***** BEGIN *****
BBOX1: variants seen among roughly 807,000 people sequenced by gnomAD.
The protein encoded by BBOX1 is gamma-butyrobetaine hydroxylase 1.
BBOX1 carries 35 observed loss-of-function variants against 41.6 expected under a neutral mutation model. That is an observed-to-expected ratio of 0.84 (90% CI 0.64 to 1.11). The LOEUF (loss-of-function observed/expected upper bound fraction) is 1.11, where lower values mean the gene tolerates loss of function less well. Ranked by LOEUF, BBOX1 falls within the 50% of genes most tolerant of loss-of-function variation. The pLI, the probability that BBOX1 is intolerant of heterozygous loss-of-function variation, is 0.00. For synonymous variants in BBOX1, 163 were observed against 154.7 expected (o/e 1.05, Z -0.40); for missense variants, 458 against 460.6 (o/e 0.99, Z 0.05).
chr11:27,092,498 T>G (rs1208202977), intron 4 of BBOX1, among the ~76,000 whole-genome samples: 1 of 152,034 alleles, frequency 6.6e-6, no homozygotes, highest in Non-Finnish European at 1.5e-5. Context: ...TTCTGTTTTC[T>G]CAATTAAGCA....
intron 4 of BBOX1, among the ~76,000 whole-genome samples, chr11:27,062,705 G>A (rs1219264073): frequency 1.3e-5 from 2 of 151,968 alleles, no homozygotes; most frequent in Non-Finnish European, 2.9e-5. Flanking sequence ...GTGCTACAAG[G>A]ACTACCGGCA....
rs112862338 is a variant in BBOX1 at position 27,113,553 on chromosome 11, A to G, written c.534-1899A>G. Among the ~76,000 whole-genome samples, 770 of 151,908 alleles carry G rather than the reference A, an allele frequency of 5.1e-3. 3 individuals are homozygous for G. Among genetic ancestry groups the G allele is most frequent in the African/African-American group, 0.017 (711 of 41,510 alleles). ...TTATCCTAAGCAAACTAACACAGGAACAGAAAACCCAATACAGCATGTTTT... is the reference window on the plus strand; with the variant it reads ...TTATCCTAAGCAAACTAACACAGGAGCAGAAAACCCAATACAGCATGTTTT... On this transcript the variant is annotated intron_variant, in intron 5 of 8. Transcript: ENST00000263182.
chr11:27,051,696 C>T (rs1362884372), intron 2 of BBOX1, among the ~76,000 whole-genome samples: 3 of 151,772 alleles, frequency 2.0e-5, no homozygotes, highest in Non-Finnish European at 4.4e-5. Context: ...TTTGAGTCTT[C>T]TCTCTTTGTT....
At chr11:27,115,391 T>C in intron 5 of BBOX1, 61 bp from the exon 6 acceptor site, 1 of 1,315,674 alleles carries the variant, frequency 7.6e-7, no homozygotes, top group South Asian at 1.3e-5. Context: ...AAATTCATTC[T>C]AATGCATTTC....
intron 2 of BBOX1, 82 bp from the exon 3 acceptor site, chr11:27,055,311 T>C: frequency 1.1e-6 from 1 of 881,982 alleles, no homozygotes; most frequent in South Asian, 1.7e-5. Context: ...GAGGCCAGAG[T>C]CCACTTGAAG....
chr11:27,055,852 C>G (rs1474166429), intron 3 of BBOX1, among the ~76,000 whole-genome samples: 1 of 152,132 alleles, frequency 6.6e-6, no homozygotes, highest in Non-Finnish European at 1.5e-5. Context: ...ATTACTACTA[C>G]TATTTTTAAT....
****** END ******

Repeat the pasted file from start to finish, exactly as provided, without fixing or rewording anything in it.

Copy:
BBOX1: variants seen among roughly 807,000 people sequenced by gnomAD.
The protein encoded by BBOX1 is gamma-butyrobetaine hydroxylase 1.
BBOX1 carries 35 observed loss-of-function variants against 41.6 expected under a neutral mutation model. That is an observed-to-expected ratio of 0.84 (90% CI 0.64 to 1.11). The LOEUF (loss-of-function observed/expected upper bound fraction) is 1.11, where lower values mean the gene tolerates loss of function less well. Ranked by LOEUF, BBOX1 falls within the 50% of genes most tolerant of loss-of-function variation. The pLI, the probability that BBOX1 is intolerant of heterozygous loss-of-function variation, is 0.00. For synonymous variants in BBOX1, 163 were observed against 154.7 expected (o/e 1.05, Z -0.40); for missense variants, 458 against 460.6 (o/e 0.99, Z 0.05).
chr11:27,092,498 T>G (rs1208202977), intron 4 of BBOX1, among the ~76,000 whole-genome samples: 1 of 152,034 alleles, frequency 6.6e-6, no homozygotes, highest in Non-Finnish European at 1.5e-5. Context: ...TTCTGTTTTC[T>G]CAATTAAGCA....
intron 4 of BBOX1, among the ~76,000 whole-genome samples, chr11:27,062,705 G>A (rs1219264073): frequency 1.3e-5 from 2 of 151,968 alleles, no homozygotes; most frequent in Non-Finnish European, 2.9e-5. Flanking sequence ...GTGCTACAAG[G>A]ACTACCGGCA....
rs112862338 is a variant in BBOX1 at position 27,113,553 on chromosome 11, A to G, written c.534-1899A>G. Among the ~76,000 whole-genome samples, 770 of 151,908 alleles carry G rather than the reference A, an allele frequency of 5.1e-3. 3 individuals are homozygous for G. Among genetic ancestry groups the G allele is most frequent in the African/African-American group, 0.017 (711 of 41,510 alleles). ...TTATCCTAAGCAAACTAACACAGGAACAGAAAACCCAATACAGCATGTTTT... is the reference window on the plus strand; with the variant it reads ...TTATCCTAAGCAAACTAACACAGGAGCAGAAAACCCAATACAGCATGTTTT... On this transcript the variant is annotated intron_variant, in intron 5 of 8. Transcript: ENST00000263182.
chr11:27,051,696 C>T (rs1362884372), intron 2 of BBOX1, among the ~76,000 whole-genome samples: 3 of 151,772 alleles, frequency 2.0e-5, no homozygotes, highest in Non-Finnish European at 4.4e-5. Context: ...TTTGAGTCTT[C>T]TCTCTTTGTT....
At chr11:27,115,391 T>C in intron 5 of BBOX1, 61 bp from the exon 6 acceptor site, 1 of 1,315,674 alleles carries the variant, frequency 7.6e-7, no homozygotes, top group South Asian at 1.3e-5. Context: ...AAATTCATTC[T>C]AATGCATTTC....
intron 2 of BBOX1, 82 bp from the exon 3 acceptor site, chr11:27,055,311 T>C: frequency 1.1e-6 from 1 of 881,982 alleles, no homozygotes; most frequent in South Asian, 1.7e-5. Context: ...GAGGCCAGAG[T>C]CCACTTGAAG....
chr11:27,055,852 C>G (rs1474166429), intron 3 of BBOX1, among the ~76,000 whole-genome samples: 1 of 152,132 alleles, frequency 6.6e-6, no homozygotes, highest in Non-Finnish European at 1.5e-5. Context: ...ATTACTACTA[C>G]TATTTTTAAT....